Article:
Managing producer compliance and credentialing is inherently complicated—that’s why we’re working to make it easier. In this blog series, a team of Vertafore regulatory experts address some common compliance challenges faced by most carriers. Read more on improving compliance operations.
How to keep up with regulatory change
Change is a fact of life, and regulatory change is a large part of the lives of insurance professionals. Even a seemingly minor regulatory change can have a major impact. Like a complex chain reaction, each new regulatory update kicks off a series of dependent, interconnected changes across all stakeholders involved in the process of licensing agents, advisors, and adjusters to sell or service insurance.
So, how do you keep up with those changes? How do you avoid being blindsided?
The plain answer is to be proactive and create a solid infrastructure for change management. By preparing for regulatory change, not just responding to it, you can leverage your agility to keep ahead of the competition.
Plan to plan ahead
Changes to state and federal legislative statutes typically arise out of a few common concerns, such as consumer protection, ensuring uniformity with other jurisdictions, or security and technical interests. The groups that take action in response to these concerns—the drivers behind regulatory change—include federal and state legislators, trade groups, departments of insurance staff, and the NAIC, just to name a few. Of course, there are many other factors at work, but you can anticipate what changes are forthcoming by paying close attention to these key groups and their activities. If you establish compliance governance practices early in your operations, your organization can be ready to adapt when the final version of a regulatory change comes out.
Keep your team informed
In an environment with 50+ jurisdictions changing all the time, keeping everyone up to date on the latest best practices is crucial. Developing and executing a comprehensive informative communication strategy with your legal, IT, operations, and sales teams is essential for ensuring you’re in compliance by the time a regulatory change takes effect. The change and its necessary compliance measures should be communicated broadly across your business, especially to any affected customers. If you are working with a third-party solution provider, they should always be well informed of upcoming regulatory changes.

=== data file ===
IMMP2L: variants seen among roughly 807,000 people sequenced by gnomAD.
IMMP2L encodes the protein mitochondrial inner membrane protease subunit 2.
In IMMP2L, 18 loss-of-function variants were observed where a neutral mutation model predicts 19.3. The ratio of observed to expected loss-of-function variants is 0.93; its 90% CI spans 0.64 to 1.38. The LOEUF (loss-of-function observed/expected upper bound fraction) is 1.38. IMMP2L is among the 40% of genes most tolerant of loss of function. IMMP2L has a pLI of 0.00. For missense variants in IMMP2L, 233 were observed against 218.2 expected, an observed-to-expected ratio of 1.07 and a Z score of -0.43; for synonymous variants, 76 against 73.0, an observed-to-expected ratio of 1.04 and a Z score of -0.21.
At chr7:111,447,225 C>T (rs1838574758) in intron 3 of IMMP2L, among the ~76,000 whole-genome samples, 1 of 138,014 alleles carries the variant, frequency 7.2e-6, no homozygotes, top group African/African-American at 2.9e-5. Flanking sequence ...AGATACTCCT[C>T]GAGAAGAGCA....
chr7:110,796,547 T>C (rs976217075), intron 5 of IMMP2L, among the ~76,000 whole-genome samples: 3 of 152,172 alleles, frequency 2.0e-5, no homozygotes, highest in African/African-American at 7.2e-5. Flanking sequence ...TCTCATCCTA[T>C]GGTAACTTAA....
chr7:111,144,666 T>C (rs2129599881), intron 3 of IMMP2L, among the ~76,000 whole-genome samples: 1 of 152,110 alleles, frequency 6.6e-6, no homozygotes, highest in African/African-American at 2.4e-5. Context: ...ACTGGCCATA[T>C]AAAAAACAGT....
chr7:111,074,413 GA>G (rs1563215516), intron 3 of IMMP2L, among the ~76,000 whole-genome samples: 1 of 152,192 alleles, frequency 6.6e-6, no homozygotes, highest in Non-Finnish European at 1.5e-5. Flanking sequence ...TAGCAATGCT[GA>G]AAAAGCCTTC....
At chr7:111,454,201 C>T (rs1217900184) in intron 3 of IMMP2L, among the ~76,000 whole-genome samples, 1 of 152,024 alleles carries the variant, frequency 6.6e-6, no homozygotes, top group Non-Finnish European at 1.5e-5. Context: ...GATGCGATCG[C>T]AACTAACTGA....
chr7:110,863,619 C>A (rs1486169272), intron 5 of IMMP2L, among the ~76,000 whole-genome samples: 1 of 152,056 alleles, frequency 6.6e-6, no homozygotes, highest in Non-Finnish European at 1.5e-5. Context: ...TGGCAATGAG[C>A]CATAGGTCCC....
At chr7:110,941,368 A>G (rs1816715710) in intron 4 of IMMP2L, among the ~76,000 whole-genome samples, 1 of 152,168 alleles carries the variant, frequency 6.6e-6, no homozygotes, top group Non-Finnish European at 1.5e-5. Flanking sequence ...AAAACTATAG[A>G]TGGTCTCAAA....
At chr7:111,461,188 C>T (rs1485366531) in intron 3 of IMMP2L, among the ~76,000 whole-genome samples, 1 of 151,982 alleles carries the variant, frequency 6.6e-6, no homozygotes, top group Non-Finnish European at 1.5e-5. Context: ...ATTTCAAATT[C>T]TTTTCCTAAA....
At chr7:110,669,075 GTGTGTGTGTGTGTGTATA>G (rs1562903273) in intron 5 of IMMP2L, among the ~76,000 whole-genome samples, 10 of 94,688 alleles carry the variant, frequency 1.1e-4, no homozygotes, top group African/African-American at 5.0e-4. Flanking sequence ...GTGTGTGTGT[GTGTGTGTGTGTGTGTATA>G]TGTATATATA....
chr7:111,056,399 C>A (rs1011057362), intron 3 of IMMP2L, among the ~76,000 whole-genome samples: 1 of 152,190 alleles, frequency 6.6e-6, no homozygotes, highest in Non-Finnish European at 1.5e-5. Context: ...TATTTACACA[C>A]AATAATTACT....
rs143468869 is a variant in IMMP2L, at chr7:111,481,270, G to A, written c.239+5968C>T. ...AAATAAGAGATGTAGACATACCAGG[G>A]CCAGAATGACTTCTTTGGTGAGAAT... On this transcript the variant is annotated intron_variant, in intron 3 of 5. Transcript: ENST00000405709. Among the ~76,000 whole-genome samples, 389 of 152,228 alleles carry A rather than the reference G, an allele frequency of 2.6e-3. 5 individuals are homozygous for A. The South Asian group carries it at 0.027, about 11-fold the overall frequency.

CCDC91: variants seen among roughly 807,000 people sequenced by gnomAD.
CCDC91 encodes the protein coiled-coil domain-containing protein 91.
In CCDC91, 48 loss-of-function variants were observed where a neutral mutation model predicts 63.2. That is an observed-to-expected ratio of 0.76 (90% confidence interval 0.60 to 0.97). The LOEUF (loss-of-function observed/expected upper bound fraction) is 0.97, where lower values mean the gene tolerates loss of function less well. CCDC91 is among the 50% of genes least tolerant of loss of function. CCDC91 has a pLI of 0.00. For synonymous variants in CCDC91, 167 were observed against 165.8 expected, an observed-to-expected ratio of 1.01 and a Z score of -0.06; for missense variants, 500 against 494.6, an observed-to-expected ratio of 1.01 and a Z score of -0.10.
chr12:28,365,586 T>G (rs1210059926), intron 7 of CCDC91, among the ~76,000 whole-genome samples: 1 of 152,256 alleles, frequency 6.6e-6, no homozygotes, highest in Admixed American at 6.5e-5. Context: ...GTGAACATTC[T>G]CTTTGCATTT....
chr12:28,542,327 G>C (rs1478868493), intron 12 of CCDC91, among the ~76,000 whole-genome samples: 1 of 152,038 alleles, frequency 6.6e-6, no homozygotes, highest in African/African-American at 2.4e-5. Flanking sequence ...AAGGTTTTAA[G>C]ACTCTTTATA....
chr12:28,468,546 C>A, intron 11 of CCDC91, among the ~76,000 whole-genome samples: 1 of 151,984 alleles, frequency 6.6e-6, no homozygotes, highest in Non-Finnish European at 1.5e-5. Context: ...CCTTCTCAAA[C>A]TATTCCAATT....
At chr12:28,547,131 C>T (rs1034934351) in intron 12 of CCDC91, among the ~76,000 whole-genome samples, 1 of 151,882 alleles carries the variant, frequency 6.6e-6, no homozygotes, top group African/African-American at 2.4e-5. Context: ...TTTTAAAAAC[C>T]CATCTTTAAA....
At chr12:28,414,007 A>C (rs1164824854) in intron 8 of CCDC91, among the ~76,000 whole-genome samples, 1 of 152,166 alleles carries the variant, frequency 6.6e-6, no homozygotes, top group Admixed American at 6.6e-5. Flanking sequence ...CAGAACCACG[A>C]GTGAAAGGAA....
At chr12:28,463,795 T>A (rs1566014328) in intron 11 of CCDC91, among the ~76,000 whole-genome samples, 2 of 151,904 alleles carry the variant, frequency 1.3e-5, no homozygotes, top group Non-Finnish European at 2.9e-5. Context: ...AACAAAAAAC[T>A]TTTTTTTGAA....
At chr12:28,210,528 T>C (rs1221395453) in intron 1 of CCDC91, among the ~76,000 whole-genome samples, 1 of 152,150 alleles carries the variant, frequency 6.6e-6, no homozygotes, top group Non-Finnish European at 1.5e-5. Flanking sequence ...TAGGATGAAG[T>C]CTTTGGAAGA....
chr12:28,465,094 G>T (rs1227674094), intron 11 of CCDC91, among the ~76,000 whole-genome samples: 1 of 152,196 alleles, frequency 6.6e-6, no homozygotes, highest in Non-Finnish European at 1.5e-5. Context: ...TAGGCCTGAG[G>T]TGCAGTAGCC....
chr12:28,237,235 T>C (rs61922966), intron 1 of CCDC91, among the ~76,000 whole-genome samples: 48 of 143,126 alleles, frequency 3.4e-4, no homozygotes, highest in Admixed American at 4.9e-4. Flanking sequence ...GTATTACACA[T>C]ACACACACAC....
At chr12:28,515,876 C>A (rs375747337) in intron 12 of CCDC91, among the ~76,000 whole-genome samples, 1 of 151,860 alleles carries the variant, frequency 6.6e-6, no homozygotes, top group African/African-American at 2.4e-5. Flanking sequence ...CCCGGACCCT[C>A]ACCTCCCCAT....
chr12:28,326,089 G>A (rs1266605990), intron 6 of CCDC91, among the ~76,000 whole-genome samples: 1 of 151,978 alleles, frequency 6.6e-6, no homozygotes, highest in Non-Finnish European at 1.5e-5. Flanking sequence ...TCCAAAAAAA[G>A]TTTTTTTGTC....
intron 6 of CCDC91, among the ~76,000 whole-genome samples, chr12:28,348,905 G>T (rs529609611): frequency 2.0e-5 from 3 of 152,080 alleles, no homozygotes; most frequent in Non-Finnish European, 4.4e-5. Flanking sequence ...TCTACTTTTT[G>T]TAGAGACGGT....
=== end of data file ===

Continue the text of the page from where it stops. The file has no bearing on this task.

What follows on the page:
Trust experienced solutions providers
The most important way to manage regulatory and legislative change is to establish a relationship with the right technology partner. A knowledgeable solution provider can help you mitigate the impact of regulatory changes and adapt to situations faster. Sircon Producer Central by Vertafore reduces compliance risk and enhances efficiency with built-in compliance rules that streamline regulatory transactions. Producer credential management is the foundation of our Sircon for Carriers portfolio. It is the only software solutions designed for all your compliance stakeholders. Our industry partners enjoy the confidence of consistent and transparent regulatory compliance management.
Prioritize your compliance practices ahead of time
Having processes and action items prepared ahead of time will help you when a change becomes a reality, but don’t worry if you still have questions about refining your regulatory operations. In this ebook you’ll find answers on:
- Best resources for proactive monitoring
- Critical questions to consider when analyzing a change
- Post-change data impacts and how to resolve issues faster
Manager, Regulatory Compliance
Dan's entire professional career has been in insurance and financial technology. Before Vertafore, he worked for an insurance technology company focused on commercial insurance building underwriting/risk analysis platforms and policy/program benchmarking analytics. He joined Vertafore's Product Management department in 2012 and served nine years as Senior Product Owner, working on software solutions for insurance carriers, agencies, individual agents, securities firms, and state departments of insurance. Read more.